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Use MROZ for this exercise.(i) Reestimate the labor supply function in Example $16.5,$ using log(hours) as the dependent variable. Compare the estimated elasticity (which is now constant) to the estimate obtained from equation $(16.24)$ at the average hours worked.(ii) In the labor supply equation from part (i), allow educ to be endogenous because of omitted ability. Use motheduc and fatheduc as IVs for educ. Remember, you now have two endogenous variables in the equation.(iii) Test the overidentifying restrictions in the 2 SLS estimation from part (ii). Do the IVs pass the test?

(i) Hence, the estimated elasticity of hours with respect to wage is 1.994349 of the model in whichlog(hours) is the dependent variable, which is higher than 1.26 of the model in which hours is the dependent variable(ii) It shall be noted that in this 2 $\mathrm{SL}$ S model, both log(wage) and educ are endogenous variables(iii)Yes, IVs pass the test

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Chapter 16

Simultaneous Equations Models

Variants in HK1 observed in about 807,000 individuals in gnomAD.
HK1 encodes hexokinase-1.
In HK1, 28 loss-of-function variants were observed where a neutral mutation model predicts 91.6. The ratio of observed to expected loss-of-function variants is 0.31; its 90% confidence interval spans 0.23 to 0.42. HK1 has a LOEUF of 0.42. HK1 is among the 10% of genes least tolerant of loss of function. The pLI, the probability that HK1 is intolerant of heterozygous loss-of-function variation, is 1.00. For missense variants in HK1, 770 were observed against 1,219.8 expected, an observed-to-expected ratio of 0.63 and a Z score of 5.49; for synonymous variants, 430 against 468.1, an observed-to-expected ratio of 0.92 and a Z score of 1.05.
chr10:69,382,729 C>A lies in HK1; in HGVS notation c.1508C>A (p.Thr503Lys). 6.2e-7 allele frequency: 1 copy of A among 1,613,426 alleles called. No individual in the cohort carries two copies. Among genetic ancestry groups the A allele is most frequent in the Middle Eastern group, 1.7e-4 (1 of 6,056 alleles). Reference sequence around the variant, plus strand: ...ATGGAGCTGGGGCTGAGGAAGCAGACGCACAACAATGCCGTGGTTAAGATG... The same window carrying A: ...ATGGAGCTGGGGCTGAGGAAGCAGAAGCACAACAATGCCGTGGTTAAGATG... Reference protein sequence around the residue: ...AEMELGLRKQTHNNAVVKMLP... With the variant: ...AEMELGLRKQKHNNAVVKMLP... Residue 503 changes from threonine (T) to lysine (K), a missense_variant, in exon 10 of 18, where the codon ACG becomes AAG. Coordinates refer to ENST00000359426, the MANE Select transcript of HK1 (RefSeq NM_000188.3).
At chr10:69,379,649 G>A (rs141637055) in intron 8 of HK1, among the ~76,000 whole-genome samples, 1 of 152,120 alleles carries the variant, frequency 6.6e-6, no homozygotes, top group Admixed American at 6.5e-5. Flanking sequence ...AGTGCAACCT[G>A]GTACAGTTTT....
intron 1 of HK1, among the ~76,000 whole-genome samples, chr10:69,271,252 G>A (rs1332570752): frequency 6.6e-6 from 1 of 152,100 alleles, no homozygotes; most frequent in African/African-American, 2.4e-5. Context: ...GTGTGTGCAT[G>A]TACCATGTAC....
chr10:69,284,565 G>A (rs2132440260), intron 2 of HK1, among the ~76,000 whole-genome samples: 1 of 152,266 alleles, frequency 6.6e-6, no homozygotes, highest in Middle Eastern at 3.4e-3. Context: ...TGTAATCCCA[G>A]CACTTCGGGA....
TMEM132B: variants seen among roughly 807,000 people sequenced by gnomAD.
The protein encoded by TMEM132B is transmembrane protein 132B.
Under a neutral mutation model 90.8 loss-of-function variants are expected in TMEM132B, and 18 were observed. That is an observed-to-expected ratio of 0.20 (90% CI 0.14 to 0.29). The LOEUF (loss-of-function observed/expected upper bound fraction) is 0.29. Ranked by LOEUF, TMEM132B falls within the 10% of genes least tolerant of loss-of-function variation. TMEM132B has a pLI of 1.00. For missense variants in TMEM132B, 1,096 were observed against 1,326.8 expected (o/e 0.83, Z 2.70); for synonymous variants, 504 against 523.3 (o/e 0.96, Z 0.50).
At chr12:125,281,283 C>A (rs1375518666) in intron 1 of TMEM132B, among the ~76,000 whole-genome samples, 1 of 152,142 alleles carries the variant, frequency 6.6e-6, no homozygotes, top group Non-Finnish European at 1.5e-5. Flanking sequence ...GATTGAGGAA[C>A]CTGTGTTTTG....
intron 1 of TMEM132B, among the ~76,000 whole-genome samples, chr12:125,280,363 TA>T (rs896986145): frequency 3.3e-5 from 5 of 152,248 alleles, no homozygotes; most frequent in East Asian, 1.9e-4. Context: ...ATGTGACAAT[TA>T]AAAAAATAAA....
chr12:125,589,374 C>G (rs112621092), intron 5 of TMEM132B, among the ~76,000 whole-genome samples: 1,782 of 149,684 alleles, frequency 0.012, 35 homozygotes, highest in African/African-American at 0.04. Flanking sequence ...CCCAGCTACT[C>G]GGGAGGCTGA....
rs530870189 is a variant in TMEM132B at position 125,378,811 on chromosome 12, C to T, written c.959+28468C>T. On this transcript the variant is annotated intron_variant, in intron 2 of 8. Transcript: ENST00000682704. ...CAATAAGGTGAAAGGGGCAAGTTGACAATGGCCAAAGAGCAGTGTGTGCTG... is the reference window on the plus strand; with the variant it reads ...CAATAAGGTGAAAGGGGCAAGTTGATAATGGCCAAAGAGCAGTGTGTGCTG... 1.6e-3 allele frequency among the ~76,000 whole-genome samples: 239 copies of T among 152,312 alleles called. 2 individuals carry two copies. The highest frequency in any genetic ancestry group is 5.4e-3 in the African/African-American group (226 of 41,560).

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Hello, everybody. And welcome to another econometrics tutorial. And on this what? We're going to be taking a look at some simultaneous equations. What you're gonna want to do first is open up your Wooldridge, um, package and then the MM Roz data set, which is a data set about labor statistics for a woman in the 19 seventies. As you can see here by all of these, So we're going to set up our model here, which this is a simultaneous equation because the dependent variable in our case, hours here and the main independent variable wage are actually both dependent. And they affect each other so you could put wages the dependent wages, the dependent variable, and then ours is the independent variable. So the fact that you can do both means it's a simultaneous equation Problem? Um, in this case, we're gonna be looking at hours as the, uh, dependent variable in wages, the independent variable. So we set up our model with the log of ours, um, against the log of wage education, age, the amount of kids that the woman has that are under six, and then I believe this is the, uh, the percent the family or that the wife makes of income in the house. Something like that. Um, yeah. Also, a little additional note here I added, plus one to the log because each of these data sets here the data for wage the data for hours. Some of the entries are actually zero because some of the females that answered the survey didn't have jobs, so they didn't have any hours, and therefore their wage was also zero. So that if you ran, if you run something that has a zero in the data, um, or will give you an airy and a fix for this is to just add plus one into the log. And because we're looking for elasticity here, the B two adding plus one actually doesn't change how you interpret the results, because elasticity is a percent change. So it does seem weird, but it works more or less. Um, and it's a way that you can work around the areas that are will give you. So we go get the elasticity, which is B to the beta that's attached to wage their, and we find that it is 0.45 So that means As your wage increases by 1% your hours are going to increase by 0.45%. As you see here, I mean ours. And wage could also be endogenous variables because, um, there are other Very There are other factors that could affect it that aren't measured in the the data sets here. Ability is one so like, what's your natural ability? Or you're a hard worker, that kind of thing. But we can still check for endogenous variables like your education could be, um, for example, if your parents are more well educated, it's more likely that you're going to be more well educated. And luckily enough for us in the data set, they do include father education and mother education. So we're going to use those instruments to test the education. So again, to do your instrumental variable test, you have to open up a ER and then you're good to do it. So just type an ivy rag test. The do the equation is normal again. Test log of ours against log of wage, um, plus the education age kids and then the wife stuff. And then the line is to let our know what the instruments are and what their instruments for so again, write everything the same, except for what you want. These two new instruments which have to be added on at the end to be instruments for So we write it again. Except we exclude education from it to let our know that we want mother education, further education to be instruments for education. And then we get ourselves the summary of that Make sure to put diagnostics true. So our gives you the tests that you want to check to make sure your instruments are good and that the variables are endogenous. So let's take a look at those now. So first of all, are those two instruments the weak instruments? No, they're not because the P value is very small. So Father, education and mother education are actually very strong instruments. The second one we want to be looking at is the surrogate test, which basically is testing whether, um, all of your instruments are valid. So this this only applies if you have more than one instrument, which we do in this case, and because the P value is pretty high here, we're not going to reject the null hypothesis, Which, for the sergeant test is that both of your are all of your instruments are valid. So, uh, with that, both both mother education and father education are valid instruments to use, um, in place of education there or with education, Rather. And then, of course, we're going to check if it actually is a Dodge Innis, which, since rejecting the P value on the Hosemann test, it is because the null hypothesis here is that your value is exogenous. So it's not. And therefore, in this example, it is better to do the instrumental value variable a technique, um, and yeah, they gave us instruments which work well in this scenario. Another note. If you do, if you do, um, the model without putting hours in log arrhythmic form, it will give you a You'll eventually get an elasticity. That's actually quite a bit higher than the elasticity we got here. Which does make a bit of sense because when you're not using the log form of your dependent variable, you're taking the elasticity at a specific point in the data. So at the average, the average amount of hours worked. So with this The elasticity is constant over the whole thing because you're flattening the curve of it. And yeah, that is everything for this example. Thanks. And I'll see you guys on the next one.